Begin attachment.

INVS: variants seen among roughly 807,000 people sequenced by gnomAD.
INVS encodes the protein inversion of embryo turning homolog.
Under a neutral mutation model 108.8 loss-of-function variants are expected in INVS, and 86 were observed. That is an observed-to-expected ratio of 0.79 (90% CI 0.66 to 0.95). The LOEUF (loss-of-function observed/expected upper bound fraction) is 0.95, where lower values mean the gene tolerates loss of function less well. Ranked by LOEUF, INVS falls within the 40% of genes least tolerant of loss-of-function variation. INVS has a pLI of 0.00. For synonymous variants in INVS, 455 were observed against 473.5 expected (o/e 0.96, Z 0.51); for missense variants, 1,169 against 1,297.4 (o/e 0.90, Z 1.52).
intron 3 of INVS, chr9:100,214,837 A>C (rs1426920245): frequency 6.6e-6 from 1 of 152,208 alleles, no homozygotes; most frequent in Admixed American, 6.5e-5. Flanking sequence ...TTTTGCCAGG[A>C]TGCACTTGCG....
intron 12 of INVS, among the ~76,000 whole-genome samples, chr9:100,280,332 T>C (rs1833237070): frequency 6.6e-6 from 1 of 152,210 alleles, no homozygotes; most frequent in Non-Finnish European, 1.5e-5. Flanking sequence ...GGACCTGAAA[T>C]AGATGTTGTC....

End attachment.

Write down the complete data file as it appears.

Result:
INVS: variants seen among roughly 807,000 people sequenced by gnomAD.
INVS encodes the protein inversion of embryo turning homolog.
Under a neutral mutation model 108.8 loss-of-function variants are expected in INVS, and 86 were observed. That is an observed-to-expected ratio of 0.79 (90% CI 0.66 to 0.95). The LOEUF (loss-of-function observed/expected upper bound fraction) is 0.95, where lower values mean the gene tolerates loss of function less well. Ranked by LOEUF, INVS falls within the 40% of genes least tolerant of loss-of-function variation. INVS has a pLI of 0.00. For synonymous variants in INVS, 455 were observed against 473.5 expected (o/e 0.96, Z 0.51); for missense variants, 1,169 against 1,297.4 (o/e 0.90, Z 1.52).
intron 3 of INVS, chr9:100,214,837 A>C (rs1426920245): frequency 6.6e-6 from 1 of 152,208 alleles, no homozygotes; most frequent in Admixed American, 6.5e-5. Flanking sequence ...TTTTGCCAGG[A>C]TGCACTTGCG....
intron 12 of INVS, among the ~76,000 whole-genome samples, chr9:100,280,332 T>C (rs1833237070): frequency 6.6e-6 from 1 of 152,210 alleles, no homozygotes; most frequent in Non-Finnish European, 1.5e-5. Flanking sequence ...GGACCTGAAA[T>C]AGATGTTGTC....